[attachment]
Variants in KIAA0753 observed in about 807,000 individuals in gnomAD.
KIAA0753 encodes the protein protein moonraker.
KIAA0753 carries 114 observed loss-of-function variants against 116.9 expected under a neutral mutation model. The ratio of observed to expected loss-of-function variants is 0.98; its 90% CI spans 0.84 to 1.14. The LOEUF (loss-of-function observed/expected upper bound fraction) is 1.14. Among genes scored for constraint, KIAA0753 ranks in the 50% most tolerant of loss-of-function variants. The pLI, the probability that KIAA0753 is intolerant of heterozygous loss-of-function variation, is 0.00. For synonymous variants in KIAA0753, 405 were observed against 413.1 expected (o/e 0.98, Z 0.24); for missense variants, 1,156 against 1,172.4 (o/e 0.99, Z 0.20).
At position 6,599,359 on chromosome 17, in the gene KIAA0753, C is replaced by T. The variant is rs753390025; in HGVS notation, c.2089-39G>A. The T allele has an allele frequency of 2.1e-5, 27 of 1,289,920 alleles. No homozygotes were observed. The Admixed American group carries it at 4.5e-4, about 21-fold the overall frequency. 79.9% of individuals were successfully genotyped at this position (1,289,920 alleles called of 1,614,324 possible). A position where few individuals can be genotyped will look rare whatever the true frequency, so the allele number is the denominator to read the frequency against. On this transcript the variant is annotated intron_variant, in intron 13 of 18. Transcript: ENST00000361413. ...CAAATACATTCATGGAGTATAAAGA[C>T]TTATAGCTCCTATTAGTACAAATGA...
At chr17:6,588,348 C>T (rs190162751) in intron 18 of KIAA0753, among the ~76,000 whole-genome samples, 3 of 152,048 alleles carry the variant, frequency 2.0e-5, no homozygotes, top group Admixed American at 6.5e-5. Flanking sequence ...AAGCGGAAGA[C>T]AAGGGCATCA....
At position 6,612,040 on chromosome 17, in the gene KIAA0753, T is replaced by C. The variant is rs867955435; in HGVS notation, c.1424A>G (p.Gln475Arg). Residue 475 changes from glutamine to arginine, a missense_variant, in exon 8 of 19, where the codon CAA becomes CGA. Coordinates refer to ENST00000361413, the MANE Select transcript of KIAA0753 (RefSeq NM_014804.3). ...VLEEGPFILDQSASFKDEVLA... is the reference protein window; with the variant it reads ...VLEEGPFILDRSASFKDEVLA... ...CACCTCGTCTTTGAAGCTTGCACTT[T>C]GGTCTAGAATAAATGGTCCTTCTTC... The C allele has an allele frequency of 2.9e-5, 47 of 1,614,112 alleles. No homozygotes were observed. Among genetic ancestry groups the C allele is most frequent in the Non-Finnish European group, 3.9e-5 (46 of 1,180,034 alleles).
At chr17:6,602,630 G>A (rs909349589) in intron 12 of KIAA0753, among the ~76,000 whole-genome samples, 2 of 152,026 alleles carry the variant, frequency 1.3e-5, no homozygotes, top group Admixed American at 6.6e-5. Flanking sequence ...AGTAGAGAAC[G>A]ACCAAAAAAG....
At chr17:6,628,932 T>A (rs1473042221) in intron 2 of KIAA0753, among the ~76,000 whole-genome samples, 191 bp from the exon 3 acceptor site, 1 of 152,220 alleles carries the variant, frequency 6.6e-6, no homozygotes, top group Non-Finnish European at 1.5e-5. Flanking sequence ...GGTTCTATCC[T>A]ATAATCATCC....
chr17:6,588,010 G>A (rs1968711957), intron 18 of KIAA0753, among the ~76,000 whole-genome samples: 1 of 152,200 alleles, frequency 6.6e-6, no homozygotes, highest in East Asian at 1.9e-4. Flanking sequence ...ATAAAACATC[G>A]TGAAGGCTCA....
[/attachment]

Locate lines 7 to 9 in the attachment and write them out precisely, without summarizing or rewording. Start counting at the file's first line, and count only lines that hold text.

At chr17:6,602,630 G>A (rs909349589) in intron 12 of KIAA0753, among the ~76,000 whole-genome samples, 2 of 152,026 alleles carry the variant, frequency 1.3e-5, no homozygotes, top group Admixed American at 6.6e-5. Flanking sequence ...AGTAGAGAAC[G>A]ACCAAAAAAG....
At chr17:6,628,932 T>A (rs1473042221) in intron 2 of KIAA0753, among the ~76,000 whole-genome samples, 191 bp from the exon 3 acceptor site, 1 of 152,220 alleles carries the variant, frequency 6.6e-6, no homozygotes, top group Non-Finnish European at 1.5e-5. Flanking sequence ...GGTTCTATCC[T>A]ATAATCATCC....
chr17:6,588,010 G>A (rs1968711957), intron 18 of KIAA0753, among the ~76,000 whole-genome samples: 1 of 152,200 alleles, frequency 6.6e-6, no homozygotes, highest in East Asian at 1.9e-4. Flanking sequence ...ATAAAACATC[G>A]TGAAGGCTCA....